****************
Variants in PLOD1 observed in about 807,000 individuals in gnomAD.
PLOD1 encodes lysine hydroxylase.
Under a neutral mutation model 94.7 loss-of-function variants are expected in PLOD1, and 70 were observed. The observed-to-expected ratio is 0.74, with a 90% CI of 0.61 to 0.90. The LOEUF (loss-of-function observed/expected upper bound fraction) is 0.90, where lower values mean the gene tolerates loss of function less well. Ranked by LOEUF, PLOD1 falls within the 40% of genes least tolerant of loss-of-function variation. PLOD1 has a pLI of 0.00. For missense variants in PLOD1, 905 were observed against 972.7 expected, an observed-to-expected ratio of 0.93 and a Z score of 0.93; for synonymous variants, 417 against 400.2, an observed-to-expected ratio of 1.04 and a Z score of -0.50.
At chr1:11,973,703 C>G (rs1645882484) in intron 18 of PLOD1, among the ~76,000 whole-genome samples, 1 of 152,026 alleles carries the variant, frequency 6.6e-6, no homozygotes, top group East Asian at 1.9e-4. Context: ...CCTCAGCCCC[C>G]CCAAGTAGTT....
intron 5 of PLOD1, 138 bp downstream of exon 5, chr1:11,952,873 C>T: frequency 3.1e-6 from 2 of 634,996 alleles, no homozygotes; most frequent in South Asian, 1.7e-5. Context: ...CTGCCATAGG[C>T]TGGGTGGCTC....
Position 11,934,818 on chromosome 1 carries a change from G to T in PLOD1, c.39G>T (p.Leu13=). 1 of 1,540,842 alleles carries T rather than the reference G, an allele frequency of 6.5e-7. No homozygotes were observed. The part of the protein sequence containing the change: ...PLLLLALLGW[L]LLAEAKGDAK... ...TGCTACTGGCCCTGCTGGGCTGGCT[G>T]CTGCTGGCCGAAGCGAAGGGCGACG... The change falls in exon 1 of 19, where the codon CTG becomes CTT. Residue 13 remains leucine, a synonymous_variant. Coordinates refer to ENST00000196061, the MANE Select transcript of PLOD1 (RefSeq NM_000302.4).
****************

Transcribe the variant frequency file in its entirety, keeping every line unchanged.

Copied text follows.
Variants in PLOD1 observed in about 807,000 individuals in gnomAD.
PLOD1 encodes lysine hydroxylase.
Under a neutral mutation model 94.7 loss-of-function variants are expected in PLOD1, and 70 were observed. The observed-to-expected ratio is 0.74, with a 90% CI of 0.61 to 0.90. The LOEUF (loss-of-function observed/expected upper bound fraction) is 0.90, where lower values mean the gene tolerates loss of function less well. Ranked by LOEUF, PLOD1 falls within the 40% of genes least tolerant of loss-of-function variation. PLOD1 has a pLI of 0.00. For missense variants in PLOD1, 905 were observed against 972.7 expected, an observed-to-expected ratio of 0.93 and a Z score of 0.93; for synonymous variants, 417 against 400.2, an observed-to-expected ratio of 1.04 and a Z score of -0.50.
At chr1:11,973,703 C>G (rs1645882484) in intron 18 of PLOD1, among the ~76,000 whole-genome samples, 1 of 152,026 alleles carries the variant, frequency 6.6e-6, no homozygotes, top group East Asian at 1.9e-4. Context: ...CCTCAGCCCC[C>G]CCAAGTAGTT....
intron 5 of PLOD1, 138 bp downstream of exon 5, chr1:11,952,873 C>T: frequency 3.1e-6 from 2 of 634,996 alleles, no homozygotes; most frequent in South Asian, 1.7e-5. Context: ...CTGCCATAGG[C>T]TGGGTGGCTC....
Position 11,934,818 on chromosome 1 carries a change from G to T in PLOD1, c.39G>T (p.Leu13=). 1 of 1,540,842 alleles carries T rather than the reference G, an allele frequency of 6.5e-7. No homozygotes were observed. The part of the protein sequence containing the change: ...PLLLLALLGW[L]LLAEAKGDAK... ...TGCTACTGGCCCTGCTGGGCTGGCT[G>T]CTGCTGGCCGAAGCGAAGGGCGACG... The change falls in exon 1 of 19, where the codon CTG becomes CTT. Residue 13 remains leucine, a synonymous_variant. Coordinates refer to ENST00000196061, the MANE Select transcript of PLOD1 (RefSeq NM_000302.4).